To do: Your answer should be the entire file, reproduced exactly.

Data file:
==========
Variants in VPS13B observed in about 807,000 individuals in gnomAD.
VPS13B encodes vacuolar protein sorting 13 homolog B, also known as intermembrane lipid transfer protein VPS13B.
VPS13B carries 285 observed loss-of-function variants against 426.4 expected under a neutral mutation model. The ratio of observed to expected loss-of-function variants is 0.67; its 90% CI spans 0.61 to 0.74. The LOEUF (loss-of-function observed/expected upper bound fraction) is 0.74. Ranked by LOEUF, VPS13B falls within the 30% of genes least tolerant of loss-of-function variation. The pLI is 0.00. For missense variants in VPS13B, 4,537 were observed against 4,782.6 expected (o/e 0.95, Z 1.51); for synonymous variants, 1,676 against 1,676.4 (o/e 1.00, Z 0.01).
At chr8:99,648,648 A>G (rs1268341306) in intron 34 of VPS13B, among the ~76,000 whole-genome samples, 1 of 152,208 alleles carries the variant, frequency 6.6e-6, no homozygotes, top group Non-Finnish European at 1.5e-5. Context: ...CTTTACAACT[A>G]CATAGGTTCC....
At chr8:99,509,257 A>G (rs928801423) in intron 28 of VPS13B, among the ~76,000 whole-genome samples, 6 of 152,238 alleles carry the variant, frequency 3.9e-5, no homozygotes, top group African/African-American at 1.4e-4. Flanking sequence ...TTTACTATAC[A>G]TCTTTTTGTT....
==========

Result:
Variants in VPS13B observed in about 807,000 individuals in gnomAD.
VPS13B encodes vacuolar protein sorting 13 homolog B, also known as intermembrane lipid transfer protein VPS13B.
VPS13B carries 285 observed loss-of-function variants against 426.4 expected under a neutral mutation model. The ratio of observed to expected loss-of-function variants is 0.67; its 90% CI spans 0.61 to 0.74. The LOEUF (loss-of-function observed/expected upper bound fraction) is 0.74. Ranked by LOEUF, VPS13B falls within the 30% of genes least tolerant of loss-of-function variation. The pLI is 0.00. For missense variants in VPS13B, 4,537 were observed against 4,782.6 expected (o/e 0.95, Z 1.51); for synonymous variants, 1,676 against 1,676.4 (o/e 1.00, Z 0.01).
At chr8:99,648,648 A>G (rs1268341306) in intron 34 of VPS13B, among the ~76,000 whole-genome samples, 1 of 152,208 alleles carries the variant, frequency 6.6e-6, no homozygotes, top group Non-Finnish European at 1.5e-5. Context: ...CTTTACAACT[A>G]CATAGGTTCC....
At chr8:99,509,257 A>G (rs928801423) in intron 28 of VPS13B, among the ~76,000 whole-genome samples, 6 of 152,238 alleles carry the variant, frequency 3.9e-5, no homozygotes, top group African/African-American at 1.4e-4. Flanking sequence ...TTTACTATAC[A>G]TCTTTTTGTT....